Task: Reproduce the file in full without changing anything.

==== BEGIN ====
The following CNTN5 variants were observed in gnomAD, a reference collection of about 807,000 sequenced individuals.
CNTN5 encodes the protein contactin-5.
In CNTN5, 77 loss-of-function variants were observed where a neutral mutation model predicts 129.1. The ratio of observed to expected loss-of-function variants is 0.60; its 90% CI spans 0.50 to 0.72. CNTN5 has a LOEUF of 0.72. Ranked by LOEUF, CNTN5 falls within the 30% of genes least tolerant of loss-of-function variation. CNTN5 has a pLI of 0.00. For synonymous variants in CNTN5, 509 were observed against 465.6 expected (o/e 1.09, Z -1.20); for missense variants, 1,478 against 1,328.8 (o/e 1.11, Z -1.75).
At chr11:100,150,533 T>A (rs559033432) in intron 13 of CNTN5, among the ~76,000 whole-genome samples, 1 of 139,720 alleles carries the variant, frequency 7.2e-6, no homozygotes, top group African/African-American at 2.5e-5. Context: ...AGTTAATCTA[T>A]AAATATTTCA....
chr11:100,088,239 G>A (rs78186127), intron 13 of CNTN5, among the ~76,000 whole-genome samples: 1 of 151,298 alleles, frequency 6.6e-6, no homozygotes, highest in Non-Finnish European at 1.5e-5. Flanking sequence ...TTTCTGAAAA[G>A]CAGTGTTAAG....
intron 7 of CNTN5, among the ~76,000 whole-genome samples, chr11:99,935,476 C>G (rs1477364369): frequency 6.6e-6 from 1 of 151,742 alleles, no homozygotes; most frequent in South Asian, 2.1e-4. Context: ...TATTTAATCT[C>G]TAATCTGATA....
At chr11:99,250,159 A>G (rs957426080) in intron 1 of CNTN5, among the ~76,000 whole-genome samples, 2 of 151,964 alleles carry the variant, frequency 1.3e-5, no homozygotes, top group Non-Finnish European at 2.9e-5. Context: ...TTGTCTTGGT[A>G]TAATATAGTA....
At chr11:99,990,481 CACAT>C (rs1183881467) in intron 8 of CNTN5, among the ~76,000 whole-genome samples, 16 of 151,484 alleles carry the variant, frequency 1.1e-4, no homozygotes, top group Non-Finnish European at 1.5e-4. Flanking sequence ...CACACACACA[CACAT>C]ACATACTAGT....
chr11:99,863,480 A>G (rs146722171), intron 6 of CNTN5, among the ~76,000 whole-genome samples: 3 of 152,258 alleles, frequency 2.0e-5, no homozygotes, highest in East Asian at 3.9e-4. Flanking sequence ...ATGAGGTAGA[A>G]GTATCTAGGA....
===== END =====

The following CNTN5 variants were observed in gnomAD, a reference collection of about 807,000 sequenced individuals.
CNTN5 encodes the protein contactin-5.
In CNTN5, 77 loss-of-function variants were observed where a neutral mutation model predicts 129.1. The ratio of observed to expected loss-of-function variants is 0.60; its 90% CI spans 0.50 to 0.72. CNTN5 has a LOEUF of 0.72. Ranked by LOEUF, CNTN5 falls within the 30% of genes least tolerant of loss-of-function variation. CNTN5 has a pLI of 0.00. For synonymous variants in CNTN5, 509 were observed against 465.6 expected (o/e 1.09, Z -1.20); for missense variants, 1,478 against 1,328.8 (o/e 1.11, Z -1.75).
At chr11:100,150,533 T>A (rs559033432) in intron 13 of CNTN5, among the ~76,000 whole-genome samples, 1 of 139,720 alleles carries the variant, frequency 7.2e-6, no homozygotes, top group African/African-American at 2.5e-5. Context: ...AGTTAATCTA[T>A]AAATATTTCA....
chr11:100,088,239 G>A (rs78186127), intron 13 of CNTN5, among the ~76,000 whole-genome samples: 1 of 151,298 alleles, frequency 6.6e-6, no homozygotes, highest in Non-Finnish European at 1.5e-5. Flanking sequence ...TTTCTGAAAA[G>A]CAGTGTTAAG....
intron 7 of CNTN5, among the ~76,000 whole-genome samples, chr11:99,935,476 C>G (rs1477364369): frequency 6.6e-6 from 1 of 151,742 alleles, no homozygotes; most frequent in South Asian, 2.1e-4. Context: ...TATTTAATCT[C>G]TAATCTGATA....
At chr11:99,250,159 A>G (rs957426080) in intron 1 of CNTN5, among the ~76,000 whole-genome samples, 2 of 151,964 alleles carry the variant, frequency 1.3e-5, no homozygotes, top group Non-Finnish European at 2.9e-5. Context: ...TTGTCTTGGT[A>G]TAATATAGTA....
At chr11:99,990,481 CACAT>C (rs1183881467) in intron 8 of CNTN5, among the ~76,000 whole-genome samples, 16 of 151,484 alleles carry the variant, frequency 1.1e-4, no homozygotes, top group Non-Finnish European at 1.5e-4. Flanking sequence ...CACACACACA[CACAT>C]ACATACTAGT....
chr11:99,863,480 A>G (rs146722171), intron 6 of CNTN5, among the ~76,000 whole-genome samples: 3 of 152,258 alleles, frequency 2.0e-5, no homozygotes, highest in East Asian at 3.9e-4. Flanking sequence ...ATGAGGTAGA[A>G]GTATCTAGGA....